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Cheers and Tears: What to Expect at an Irish Wake

Wakes are an enduring tradition in Ireland and for families of Irish heritage everywhere. They last one to three days before the funeral, depending on how well-known and beloved the individual is. If you’ve never experienced the vitality and emotion of an Irish wake, here are a few things you should know.

Wakes are among the most enduring traditions in Ireland and for families of Irish heritage everywhere. They last one to three days before the funeral, depending on how well-known and beloved the individual is. If you’ve never experienced the vitality and emotion of an Irish wake, here are a few things you should know. 

Expect an Open Casket

An Irish wake takes place at the funeral home, where the guest of honor is in an open casket (usually). According to those who have attended numerous wakes, it is common for guests to approach the casket to pay their respects. This might include praying, voicing their love and regret for their death, or slipping a photo, a note, or a small memento into the casket. 

It is also common for guests to make numerous comments about their loved one’s final appearance. You might hear:

  • “She looks so peaceful.”
  • “He looks wonderful.”
  • “They (the funeral home) did a great job.”
  • “They really captured what he looked like in life.”
  • “I remember when they bought that tie/dress/necklace.”

These comments are not meant to be disrespectful. Instead, they express comfort in seeing their beloved in familiar clothes and countenance. 

Expect a Break at a Nearby Bar or Restaurant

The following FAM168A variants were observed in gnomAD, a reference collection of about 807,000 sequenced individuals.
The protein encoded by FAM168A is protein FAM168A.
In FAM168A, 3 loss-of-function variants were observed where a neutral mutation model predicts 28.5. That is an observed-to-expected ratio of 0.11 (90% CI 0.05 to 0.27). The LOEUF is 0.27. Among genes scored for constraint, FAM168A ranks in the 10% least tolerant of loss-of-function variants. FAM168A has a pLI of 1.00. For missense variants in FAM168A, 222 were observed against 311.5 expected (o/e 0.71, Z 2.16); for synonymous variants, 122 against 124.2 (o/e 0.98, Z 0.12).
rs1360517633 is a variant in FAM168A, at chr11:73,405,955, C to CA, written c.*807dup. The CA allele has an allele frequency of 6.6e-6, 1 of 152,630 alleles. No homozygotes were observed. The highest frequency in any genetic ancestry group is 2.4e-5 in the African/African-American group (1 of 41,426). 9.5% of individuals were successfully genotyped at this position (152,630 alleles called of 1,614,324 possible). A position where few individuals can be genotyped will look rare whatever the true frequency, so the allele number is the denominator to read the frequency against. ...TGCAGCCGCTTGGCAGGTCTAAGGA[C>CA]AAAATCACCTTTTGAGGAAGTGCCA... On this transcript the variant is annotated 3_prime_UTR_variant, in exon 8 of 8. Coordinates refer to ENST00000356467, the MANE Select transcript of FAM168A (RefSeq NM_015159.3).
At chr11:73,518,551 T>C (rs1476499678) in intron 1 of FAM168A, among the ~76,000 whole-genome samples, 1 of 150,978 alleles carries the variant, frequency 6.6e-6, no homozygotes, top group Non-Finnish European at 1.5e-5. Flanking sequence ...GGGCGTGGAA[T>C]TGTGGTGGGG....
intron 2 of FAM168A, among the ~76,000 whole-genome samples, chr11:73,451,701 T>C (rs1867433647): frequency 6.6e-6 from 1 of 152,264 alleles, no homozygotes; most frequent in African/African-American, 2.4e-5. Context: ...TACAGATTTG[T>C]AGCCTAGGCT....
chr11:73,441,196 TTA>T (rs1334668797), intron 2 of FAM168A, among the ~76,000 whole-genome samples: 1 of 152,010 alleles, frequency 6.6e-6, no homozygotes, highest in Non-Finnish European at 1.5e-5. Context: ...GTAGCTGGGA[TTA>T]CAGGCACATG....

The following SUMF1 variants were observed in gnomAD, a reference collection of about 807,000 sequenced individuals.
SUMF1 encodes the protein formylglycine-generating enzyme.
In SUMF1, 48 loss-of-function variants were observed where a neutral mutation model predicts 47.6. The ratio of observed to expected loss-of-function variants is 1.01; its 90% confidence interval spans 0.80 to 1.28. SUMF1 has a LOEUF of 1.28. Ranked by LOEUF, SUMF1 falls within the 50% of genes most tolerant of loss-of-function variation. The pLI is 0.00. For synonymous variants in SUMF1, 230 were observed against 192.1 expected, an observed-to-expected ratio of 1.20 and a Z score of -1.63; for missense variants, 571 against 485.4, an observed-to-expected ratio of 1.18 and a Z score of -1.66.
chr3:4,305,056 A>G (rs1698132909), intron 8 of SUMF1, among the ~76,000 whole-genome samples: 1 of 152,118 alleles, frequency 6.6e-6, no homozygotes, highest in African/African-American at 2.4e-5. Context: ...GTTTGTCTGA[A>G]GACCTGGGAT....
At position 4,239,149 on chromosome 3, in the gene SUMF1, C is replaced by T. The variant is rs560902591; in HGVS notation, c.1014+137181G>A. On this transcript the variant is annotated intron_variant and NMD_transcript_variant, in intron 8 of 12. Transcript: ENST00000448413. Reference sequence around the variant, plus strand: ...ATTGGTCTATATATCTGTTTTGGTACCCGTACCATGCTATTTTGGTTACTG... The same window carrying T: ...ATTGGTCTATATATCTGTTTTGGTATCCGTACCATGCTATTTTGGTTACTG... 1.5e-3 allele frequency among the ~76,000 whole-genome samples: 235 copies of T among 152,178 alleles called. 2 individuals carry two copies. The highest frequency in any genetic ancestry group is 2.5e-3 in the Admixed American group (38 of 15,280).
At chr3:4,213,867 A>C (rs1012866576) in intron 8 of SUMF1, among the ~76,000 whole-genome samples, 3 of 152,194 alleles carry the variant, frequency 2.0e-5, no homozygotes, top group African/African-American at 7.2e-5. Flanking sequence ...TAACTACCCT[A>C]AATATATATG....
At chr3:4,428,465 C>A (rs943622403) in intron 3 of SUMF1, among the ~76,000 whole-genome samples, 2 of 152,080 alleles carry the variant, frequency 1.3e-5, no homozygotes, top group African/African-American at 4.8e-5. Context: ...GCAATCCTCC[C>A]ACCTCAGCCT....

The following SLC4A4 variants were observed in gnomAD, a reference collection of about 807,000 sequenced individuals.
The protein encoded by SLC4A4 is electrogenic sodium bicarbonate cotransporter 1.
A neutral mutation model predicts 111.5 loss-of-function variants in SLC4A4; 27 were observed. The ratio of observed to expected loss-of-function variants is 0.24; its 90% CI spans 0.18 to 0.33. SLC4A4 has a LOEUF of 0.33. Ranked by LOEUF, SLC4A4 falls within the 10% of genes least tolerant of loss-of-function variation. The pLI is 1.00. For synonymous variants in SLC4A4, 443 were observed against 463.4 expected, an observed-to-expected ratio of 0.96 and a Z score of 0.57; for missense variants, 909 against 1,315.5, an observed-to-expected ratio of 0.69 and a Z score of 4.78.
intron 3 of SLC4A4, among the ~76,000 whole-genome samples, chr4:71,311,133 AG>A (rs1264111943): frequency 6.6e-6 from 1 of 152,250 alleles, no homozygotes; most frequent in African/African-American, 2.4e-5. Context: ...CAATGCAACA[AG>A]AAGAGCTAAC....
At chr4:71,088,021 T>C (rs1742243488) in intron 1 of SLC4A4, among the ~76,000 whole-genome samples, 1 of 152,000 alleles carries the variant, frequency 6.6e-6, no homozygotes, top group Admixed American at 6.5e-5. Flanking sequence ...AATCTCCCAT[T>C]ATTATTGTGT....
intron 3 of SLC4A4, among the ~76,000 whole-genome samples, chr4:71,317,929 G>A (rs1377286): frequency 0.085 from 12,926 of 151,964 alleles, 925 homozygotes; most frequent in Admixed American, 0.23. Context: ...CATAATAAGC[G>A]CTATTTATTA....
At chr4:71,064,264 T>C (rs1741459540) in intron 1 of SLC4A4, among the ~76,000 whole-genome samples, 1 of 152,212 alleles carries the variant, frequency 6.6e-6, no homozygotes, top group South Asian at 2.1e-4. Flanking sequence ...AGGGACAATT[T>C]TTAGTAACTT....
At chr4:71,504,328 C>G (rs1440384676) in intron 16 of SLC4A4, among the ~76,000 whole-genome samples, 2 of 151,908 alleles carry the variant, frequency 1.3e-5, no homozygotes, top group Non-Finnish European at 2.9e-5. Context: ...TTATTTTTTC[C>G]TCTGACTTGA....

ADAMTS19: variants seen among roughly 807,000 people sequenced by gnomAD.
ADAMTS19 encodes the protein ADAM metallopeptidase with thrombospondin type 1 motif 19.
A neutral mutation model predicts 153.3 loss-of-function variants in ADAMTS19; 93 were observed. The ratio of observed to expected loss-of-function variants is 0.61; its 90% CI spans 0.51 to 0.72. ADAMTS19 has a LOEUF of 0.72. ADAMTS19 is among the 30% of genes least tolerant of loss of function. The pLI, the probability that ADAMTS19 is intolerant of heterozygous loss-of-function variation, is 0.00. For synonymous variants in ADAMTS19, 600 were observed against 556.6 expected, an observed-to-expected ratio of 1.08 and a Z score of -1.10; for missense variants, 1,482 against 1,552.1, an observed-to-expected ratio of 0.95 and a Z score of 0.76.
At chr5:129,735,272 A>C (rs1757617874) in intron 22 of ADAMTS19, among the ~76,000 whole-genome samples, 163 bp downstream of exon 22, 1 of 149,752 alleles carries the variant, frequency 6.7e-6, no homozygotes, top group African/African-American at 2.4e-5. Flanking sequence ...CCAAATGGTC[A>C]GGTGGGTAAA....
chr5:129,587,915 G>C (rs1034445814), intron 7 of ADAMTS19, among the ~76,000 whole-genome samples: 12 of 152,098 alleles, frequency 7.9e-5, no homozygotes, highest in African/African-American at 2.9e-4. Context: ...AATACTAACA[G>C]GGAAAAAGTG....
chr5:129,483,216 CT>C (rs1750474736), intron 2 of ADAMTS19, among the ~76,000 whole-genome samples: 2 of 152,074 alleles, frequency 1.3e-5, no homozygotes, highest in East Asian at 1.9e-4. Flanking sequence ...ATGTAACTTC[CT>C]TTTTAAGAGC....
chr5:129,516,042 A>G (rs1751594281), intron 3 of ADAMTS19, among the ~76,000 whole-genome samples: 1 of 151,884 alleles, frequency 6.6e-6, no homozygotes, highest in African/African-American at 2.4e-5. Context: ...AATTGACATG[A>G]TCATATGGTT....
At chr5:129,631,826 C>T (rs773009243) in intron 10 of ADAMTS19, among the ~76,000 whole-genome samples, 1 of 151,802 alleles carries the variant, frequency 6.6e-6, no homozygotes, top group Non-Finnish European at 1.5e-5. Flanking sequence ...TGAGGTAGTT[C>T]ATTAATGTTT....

The schedule for an Irish wake goes something like this:

  • Visitation with the family (and the open casket) at the funeral home for a couple of hours in the late afternoon
  • Break for dinner at a nearby bar or restaurant
  • Return to the funeral home for a few hours, the day ending around eight or nine in the evening

And yes, there will be drinking during the dinner break. Beer, wine, cocktails, Irish whiskey – it’s not mandatory, of course, but there is a reason why Irish wakes have a reputation for including spirits in the tangible sense of the word. Naturally, there are many stories about the deceased and numerous toasts made to their memory. After drinking and eating, the family returns to the funeral home to welcome other guests before going home. 

Funeral homes have differing rules about drinking alcohol on the premises. It has been known for a mourner (or family member) to step outside for a discrete swig from a personal flask to steady their nerves. Drinking is done at a local pub or restaurant unless there is also a reception at the funeral home. 

Expect to Laugh As Much as You Cry

If you’re unfamiliar with an Irish wake, it might seem jarring to hear people in mourning tell funny stories, crack jokes, and laugh. 

In Irish culture, wakes often involve a mix of emotions, including laughter and celebration of the deceased person's life. Sharing funny stories can be appropriate and is often encouraged to lighten the mood and bring warmth and camaraderie. The Irish wake tradition often emphasizes celebrating the person's personality, achievements, and the joy they bring to others.